2. The point I was making about the phrase “throwing money” was a semantic one. “Throwing money” implies you are wasting money — throwing your money away. In defense spending, lots of money is spent to build weapons systems that fail to work or aren’t used. Bases are kept open that could be closed. And so on. These are examples of money spent that we are not getting much value from. Yet we don’t say we are “throwing money” at defense and demand the Pentagon cut the fat and tighten its belt before we give it any more. Anyone who uses the phrase “throwing money at education” is devaluing the importance of education, in my opinion. “Money spent on education is money wasted.” That’s what I hear.

    As for the exact “affordability line” where taxes should be raised, I think that’s a red herring. Income tax is and should be progressive. There is a line that can be drawn at some income bracket where the tax rate is raised slightly above where it is right now, and it can continue to be raised as incomes grow above that. The effect on the people at that “affordability line” will be slight, so it isn’t a life-or-death issue whether it begins at a slightly higher or slightly lower level.

  3. Mr. Safier,
    I’ll take on your “Apples to Oranges” question of “throwing money at defense.”

    First off, the Federal Government is authorized by the Constitution to fund defense, they ARE NOT authorized to usurp the 10th Amendment of the Bill of Rights by getting into the education business. That should be exclusively up to the States.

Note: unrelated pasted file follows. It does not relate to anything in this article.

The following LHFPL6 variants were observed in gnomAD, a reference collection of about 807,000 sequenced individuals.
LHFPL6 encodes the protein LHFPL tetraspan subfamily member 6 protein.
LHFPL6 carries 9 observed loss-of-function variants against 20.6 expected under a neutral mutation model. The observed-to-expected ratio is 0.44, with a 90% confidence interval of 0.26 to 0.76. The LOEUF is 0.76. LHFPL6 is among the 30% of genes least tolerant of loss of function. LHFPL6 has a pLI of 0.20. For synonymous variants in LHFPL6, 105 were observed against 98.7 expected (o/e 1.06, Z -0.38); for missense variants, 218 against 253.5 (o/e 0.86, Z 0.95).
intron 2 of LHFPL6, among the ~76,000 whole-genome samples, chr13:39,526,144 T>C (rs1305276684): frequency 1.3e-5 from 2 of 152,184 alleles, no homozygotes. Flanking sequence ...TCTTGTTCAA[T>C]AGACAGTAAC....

If we only followed the Constitution you would not be able to make a point by raising that question. Instead you and your cohorts continue to expand the “Nanny State” and because of that you get to constantly raise that idiotic analysis of Books vs. Bombers.

    Second, our military is second to none. I only wish our Schools could perform the way our Military Branches can. When Graham-Rudman went into effect, the Defense Department became one of the most scrutinized Cabinet Departments in the Executive Branch. Because of this, it has become one of the most efficient.

    Can we say the same with Education, Homeland Security, Health and Human Services, HUD, and the Department of Agriculture? (All not authorized by the Constitution).

    So I say why are we “throwing money” at Mediscare and Ethanol subsidies and Katrina trailers when it is not authorized by the Constitution?

    We’re still waiting to find out from you who those people are that “can afford it.”

    What’s the Magic number? People with incomes above $75K?, $100K?, $200K?

    Draw that “affordability” line Mr. Tax and Spend.